Annie O’Malley Is Tired Of Being “Mrs. Nice”

Annie OMalley

“Coming of age.” A catchall that can be viewed and experienced through oh so very many lenses.

Everyone has their own unique set of life experiences, to say nothing of songs, books and movies chronicling those of others real and imagined, that serve as various launch points from child to adulthood. For singer-songwriter Annie O’Malley, it comes through shedding the moniker of “Mrs. Nice.”

One element of coming of age is through the loss of innocence, which is often and often viewed as sad and tragic. But this loss can also represent hitting the “fuck it” point and embracing the new. No matter how we’re raised, what we’re taught and how well we know right from wrong, at some point the allure of the world elicits a “fuck it” for the new, the exciting, the “this feels more amazing than anything I’ve ever experienced.”

“Mrs. Nice” is the opening track from O’Malley’s new EP, Golden. The single feature all the hallmarks of an opening stalwart. It’s catchy, with a pace, rhythm and vocals that propel it while still deftly creating space in which the listener can luxuriate. It’s probably an overused cliche at this point, but the song is a vibe. You want to go with it, or take it with you, on a low key, late night adventure.

“Forget about being ‘Mrs. Nice,” O’Malley sings halfway through the chorus. It’s a declaration of independence and abandon, the microcosm of that moment in a given night where two distinct paths are laid out and you finally scratch the itch that’s equal parts euphoric and potentially devastating.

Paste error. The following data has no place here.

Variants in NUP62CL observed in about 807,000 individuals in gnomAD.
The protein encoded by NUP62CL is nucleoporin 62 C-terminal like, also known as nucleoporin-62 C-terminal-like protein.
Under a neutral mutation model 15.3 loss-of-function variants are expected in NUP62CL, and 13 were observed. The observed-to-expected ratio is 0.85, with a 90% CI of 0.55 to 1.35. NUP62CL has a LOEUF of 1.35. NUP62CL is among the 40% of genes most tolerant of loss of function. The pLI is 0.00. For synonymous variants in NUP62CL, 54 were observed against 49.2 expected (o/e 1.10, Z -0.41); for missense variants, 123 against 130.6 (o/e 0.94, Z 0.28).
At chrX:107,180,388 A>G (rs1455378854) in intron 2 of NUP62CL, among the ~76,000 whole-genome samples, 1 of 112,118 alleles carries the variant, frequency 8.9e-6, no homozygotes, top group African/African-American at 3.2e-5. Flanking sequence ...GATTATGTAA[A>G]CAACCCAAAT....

The chorus makes the song, beginning with, “Cuz I could go home alone / but that’s not what I wanna do / I wanna be alone with you.” Following the titular line and the physical and emotional shedding of all things “mrs nice,” O’Malley concludes, “I don’t care how I’m viewed / I wanna see the things you can do.” It’s equal parts defiant, hopeful, scary and exciting.

Typically, these types of songs play as nostalgia. The grizzled, enlightened, artist reflecting sometimes-admirably, sometimes-embarrassingly on the jumping off points of youth that led them to the present. No matter how good, great, even transcendent these attempts are, they’re ultimately and irreparably skewed by the simple act of having been lived and, now, reflected upon.

And that’s where O’Malley is different. She’s exciting. She’s 19 and making these choices right now. We get to live through her music and, transitively, her. We get to experience or relive through a new lens these moments in (her) real time. She’s letting us in and giving us all a Golden opportunity.

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Photo by Arielle Vey

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